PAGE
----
Use of social media and e-Government in disasters: 2016 Louisiana floods case study


  • Daniel Bosch, MPA



social media, disaster response, natural disaster, mass media, rescue, coordinated response, e-government


The case study analyzes the use of social media as a component of disaster response during and after the Louisiana Floods of August 2016. The study analyzes the survey responses of thirty social media users on a series of questions regarding social networks they regularly used during the flooding events, the extent to which users contacted government agencies via those networks, other uses of social media connected with the disaster, and whether social media served as a primary means of communication during cell carrier service interruptions. The results of this study show that there was a correlation between service disruption and increased use of social media as a means of communication. Additionally, the survey showed that social media networks have been utilized for a wide range of purposes during disasters, including locating family and loved ones, requesting help, disseminating information, and psychosocial interaction. Finally, a majority of respondents did not use social media to contact government agencies, and a number of respondents rated federal government engagement through social media as either dissatisfactory or were neutral on the question.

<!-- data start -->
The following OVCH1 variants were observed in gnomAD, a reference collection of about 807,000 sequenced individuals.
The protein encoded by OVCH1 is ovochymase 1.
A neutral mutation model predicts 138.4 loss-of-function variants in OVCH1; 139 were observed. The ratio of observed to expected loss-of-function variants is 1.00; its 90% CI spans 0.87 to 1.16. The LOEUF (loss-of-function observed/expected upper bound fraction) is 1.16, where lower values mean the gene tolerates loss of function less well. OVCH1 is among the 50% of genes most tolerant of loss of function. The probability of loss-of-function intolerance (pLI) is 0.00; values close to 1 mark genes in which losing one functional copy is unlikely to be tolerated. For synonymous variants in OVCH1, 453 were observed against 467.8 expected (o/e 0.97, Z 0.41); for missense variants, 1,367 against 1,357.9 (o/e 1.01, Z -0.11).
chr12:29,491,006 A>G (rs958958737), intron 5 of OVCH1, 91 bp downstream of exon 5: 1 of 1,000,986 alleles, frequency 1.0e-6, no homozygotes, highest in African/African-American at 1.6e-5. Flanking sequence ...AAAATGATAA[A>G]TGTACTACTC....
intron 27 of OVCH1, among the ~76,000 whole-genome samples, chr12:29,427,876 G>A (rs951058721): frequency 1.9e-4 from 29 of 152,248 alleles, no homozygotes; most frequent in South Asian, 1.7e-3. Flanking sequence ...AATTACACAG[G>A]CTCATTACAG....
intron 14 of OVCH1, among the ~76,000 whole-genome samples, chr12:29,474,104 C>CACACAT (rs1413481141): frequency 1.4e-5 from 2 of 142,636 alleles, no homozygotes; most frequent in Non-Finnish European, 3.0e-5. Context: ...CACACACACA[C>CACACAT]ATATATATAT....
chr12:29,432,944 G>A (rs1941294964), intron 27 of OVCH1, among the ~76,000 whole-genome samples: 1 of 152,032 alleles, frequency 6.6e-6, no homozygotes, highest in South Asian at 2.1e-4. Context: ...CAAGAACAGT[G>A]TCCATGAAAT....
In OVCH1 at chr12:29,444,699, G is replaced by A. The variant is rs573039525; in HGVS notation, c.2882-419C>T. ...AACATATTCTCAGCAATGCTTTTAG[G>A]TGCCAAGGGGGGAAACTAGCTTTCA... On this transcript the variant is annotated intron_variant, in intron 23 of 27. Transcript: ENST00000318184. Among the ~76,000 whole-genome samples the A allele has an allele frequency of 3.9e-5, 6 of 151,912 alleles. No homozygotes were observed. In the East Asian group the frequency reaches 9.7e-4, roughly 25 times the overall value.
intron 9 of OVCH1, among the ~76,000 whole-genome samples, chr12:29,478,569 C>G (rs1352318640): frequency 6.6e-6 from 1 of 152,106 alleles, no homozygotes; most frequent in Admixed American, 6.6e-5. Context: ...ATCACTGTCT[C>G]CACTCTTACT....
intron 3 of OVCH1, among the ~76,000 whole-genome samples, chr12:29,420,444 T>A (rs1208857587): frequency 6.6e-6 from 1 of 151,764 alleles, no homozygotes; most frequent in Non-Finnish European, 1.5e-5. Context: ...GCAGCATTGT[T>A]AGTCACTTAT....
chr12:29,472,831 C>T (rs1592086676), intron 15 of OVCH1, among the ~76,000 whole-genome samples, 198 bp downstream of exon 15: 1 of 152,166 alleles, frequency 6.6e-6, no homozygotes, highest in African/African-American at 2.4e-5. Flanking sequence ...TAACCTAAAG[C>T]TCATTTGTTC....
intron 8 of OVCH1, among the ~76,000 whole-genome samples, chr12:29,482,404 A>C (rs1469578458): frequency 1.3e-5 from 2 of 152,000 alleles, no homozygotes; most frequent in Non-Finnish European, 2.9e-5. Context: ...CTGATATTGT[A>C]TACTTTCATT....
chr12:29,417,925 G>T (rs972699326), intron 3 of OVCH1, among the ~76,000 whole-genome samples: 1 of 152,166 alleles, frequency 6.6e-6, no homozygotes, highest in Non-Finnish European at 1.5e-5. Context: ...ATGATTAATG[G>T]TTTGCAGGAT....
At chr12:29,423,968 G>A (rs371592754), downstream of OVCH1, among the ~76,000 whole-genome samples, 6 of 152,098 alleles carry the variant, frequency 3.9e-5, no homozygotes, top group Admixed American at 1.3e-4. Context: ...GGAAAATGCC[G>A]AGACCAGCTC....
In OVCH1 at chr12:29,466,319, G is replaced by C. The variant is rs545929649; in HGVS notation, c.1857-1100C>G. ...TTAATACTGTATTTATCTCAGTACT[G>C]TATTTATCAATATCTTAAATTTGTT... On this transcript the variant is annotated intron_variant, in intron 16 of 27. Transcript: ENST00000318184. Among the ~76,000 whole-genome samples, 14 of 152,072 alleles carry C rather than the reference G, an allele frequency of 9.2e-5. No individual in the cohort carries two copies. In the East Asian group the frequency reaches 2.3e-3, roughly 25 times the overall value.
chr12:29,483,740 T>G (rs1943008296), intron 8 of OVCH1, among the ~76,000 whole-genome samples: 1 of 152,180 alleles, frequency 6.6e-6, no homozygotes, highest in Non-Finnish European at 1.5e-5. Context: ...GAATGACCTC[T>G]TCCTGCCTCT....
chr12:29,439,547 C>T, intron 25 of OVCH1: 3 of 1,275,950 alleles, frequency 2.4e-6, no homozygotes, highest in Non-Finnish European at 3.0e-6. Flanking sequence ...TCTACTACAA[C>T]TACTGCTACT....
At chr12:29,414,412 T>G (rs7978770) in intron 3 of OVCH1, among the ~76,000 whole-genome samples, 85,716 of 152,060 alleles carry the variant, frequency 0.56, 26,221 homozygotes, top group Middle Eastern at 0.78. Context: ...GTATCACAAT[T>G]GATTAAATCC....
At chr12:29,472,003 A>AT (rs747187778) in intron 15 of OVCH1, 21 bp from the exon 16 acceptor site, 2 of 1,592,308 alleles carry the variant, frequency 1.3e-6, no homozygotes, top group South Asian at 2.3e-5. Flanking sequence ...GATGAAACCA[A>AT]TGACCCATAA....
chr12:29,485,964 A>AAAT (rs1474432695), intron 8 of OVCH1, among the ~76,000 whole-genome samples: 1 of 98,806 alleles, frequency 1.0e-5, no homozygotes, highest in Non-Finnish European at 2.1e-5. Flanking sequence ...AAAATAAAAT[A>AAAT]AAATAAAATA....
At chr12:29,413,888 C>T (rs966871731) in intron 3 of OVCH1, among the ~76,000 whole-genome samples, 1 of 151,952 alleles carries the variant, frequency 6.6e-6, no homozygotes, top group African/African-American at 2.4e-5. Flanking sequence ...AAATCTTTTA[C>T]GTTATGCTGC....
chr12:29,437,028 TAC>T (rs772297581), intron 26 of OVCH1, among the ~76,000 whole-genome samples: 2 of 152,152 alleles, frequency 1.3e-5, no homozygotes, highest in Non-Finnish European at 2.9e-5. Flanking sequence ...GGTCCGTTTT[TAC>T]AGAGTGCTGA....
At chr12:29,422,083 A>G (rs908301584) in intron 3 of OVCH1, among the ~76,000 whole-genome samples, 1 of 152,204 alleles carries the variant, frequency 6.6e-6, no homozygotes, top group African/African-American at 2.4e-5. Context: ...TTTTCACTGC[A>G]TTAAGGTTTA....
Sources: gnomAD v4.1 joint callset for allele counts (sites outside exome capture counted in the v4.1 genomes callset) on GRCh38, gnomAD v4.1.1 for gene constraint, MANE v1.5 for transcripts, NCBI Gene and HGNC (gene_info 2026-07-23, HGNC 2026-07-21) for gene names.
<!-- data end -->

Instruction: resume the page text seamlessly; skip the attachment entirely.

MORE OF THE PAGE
Author Biography

Daniel Bosch, MPA

LSU Public Administration Institute, Baton Rouge, Louisiana

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How to Cite

Bosch, MPA, D. “Use of Social Media and E-Government in Disasters: 2016 Louisiana Floods Case Study”. Journal of Emergency Management, vol. 15, no. 6, Nov. 2017, pp. 391-05, doi:10.5055/jem.2017.0347.